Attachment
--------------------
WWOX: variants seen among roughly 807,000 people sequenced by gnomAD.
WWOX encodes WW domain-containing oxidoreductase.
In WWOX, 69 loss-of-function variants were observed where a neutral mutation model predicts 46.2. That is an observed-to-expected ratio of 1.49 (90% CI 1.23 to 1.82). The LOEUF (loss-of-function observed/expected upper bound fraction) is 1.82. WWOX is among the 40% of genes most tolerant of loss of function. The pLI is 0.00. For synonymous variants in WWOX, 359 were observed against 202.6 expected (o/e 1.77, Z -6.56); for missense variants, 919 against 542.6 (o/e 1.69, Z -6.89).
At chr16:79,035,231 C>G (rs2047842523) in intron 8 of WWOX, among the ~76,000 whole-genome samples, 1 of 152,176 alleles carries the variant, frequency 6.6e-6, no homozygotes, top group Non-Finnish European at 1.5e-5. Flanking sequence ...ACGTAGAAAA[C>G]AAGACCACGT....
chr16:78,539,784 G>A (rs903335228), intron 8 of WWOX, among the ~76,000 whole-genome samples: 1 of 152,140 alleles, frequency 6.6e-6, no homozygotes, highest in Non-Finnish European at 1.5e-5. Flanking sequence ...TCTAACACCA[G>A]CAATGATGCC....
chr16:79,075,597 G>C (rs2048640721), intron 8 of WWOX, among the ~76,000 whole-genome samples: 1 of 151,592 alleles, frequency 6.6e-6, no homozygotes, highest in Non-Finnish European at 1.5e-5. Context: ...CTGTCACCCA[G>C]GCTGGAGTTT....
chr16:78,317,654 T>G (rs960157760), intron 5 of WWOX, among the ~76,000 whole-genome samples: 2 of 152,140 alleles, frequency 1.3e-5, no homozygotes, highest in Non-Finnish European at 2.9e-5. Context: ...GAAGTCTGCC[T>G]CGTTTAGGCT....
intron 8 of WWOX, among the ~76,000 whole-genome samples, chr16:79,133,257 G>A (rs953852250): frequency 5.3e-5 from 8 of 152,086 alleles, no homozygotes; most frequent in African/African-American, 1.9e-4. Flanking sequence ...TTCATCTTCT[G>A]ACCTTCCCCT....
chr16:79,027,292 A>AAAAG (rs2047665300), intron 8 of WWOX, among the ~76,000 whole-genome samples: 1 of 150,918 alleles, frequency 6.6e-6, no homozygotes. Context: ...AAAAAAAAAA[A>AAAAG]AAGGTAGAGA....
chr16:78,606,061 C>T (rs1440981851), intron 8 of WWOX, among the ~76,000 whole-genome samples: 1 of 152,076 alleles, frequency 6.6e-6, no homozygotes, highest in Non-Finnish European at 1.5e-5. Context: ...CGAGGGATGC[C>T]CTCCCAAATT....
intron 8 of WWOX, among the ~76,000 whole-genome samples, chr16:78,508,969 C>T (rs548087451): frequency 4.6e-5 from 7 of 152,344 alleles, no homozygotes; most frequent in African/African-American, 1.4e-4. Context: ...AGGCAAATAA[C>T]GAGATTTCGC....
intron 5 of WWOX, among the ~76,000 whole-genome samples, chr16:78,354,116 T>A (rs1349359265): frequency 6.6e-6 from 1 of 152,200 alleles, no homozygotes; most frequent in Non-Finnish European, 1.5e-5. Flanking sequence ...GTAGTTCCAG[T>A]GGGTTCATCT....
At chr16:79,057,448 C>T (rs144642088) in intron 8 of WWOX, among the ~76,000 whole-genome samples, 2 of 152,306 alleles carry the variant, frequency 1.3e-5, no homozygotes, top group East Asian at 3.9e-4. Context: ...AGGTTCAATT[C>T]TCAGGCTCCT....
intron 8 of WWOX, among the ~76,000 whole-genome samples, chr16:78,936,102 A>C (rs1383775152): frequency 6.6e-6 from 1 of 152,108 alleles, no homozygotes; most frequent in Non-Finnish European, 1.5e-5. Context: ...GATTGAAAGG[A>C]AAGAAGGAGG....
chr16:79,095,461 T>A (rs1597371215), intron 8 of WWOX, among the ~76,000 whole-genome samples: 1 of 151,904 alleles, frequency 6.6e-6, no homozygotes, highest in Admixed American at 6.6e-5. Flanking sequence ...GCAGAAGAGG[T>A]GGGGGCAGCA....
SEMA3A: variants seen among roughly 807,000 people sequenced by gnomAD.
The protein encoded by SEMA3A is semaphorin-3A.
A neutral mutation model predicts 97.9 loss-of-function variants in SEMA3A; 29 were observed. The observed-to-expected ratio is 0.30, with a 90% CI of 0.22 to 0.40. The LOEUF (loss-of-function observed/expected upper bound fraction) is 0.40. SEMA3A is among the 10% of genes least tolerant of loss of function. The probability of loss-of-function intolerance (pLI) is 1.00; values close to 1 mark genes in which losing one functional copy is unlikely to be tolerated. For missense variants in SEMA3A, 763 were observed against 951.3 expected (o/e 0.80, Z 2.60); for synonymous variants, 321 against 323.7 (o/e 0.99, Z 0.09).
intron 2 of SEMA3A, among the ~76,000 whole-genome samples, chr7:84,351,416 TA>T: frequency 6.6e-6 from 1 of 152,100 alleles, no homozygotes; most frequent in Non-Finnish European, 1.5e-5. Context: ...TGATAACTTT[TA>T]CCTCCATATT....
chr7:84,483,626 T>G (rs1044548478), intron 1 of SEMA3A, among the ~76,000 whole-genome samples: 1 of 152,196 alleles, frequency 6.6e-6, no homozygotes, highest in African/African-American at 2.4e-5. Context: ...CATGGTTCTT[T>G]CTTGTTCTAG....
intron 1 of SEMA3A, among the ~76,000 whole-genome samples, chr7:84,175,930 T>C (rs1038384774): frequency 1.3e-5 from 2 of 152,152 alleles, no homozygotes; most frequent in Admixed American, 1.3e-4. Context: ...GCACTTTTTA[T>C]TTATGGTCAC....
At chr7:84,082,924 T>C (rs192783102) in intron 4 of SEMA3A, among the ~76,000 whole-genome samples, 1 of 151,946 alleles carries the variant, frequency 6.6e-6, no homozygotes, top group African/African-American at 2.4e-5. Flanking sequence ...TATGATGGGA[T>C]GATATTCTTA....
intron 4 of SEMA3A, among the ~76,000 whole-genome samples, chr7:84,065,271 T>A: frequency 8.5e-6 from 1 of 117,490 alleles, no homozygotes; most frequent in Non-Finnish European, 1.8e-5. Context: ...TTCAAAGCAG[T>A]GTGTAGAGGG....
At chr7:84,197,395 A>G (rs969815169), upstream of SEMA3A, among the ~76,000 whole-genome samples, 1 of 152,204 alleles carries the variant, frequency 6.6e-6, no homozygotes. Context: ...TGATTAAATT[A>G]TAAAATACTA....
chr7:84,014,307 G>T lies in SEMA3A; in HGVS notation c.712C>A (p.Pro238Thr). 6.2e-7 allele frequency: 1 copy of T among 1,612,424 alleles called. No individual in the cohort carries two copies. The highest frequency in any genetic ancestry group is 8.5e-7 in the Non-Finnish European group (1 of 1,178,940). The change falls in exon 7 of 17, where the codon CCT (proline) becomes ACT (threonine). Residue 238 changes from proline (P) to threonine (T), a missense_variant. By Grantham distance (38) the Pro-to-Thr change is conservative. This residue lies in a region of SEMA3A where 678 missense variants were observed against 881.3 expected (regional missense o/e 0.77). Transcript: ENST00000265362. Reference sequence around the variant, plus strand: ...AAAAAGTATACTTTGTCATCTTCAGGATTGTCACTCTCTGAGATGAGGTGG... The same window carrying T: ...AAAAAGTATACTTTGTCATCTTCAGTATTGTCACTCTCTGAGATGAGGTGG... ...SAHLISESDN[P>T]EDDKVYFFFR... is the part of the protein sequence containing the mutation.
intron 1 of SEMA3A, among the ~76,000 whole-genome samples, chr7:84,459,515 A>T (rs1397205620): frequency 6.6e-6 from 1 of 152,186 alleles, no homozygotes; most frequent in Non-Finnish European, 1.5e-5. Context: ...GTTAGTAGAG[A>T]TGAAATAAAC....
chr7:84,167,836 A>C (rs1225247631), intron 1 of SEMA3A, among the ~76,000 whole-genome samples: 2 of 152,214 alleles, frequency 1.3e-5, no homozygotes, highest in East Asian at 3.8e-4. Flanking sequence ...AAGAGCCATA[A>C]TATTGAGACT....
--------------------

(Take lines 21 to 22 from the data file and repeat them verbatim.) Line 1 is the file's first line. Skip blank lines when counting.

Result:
intron 1 of SEMA3A, among the ~76,000 whole-genome samples, chr7:84,175,930 T>C (rs1038384774): frequency 1.3e-5 from 2 of 152,152 alleles, no homozygotes; most frequent in Admixed American, 1.3e-4. Context: ...GCACTTTTTA[T>C]TTATGGTCAC....
At chr7:84,082,924 T>C (rs192783102) in intron 4 of SEMA3A, among the ~76,000 whole-genome samples, 1 of 151,946 alleles carries the variant, frequency 6.6e-6, no homozygotes, top group African/African-American at 2.4e-5. Flanking sequence ...TATGATGGGA[T>C]GATATTCTTA....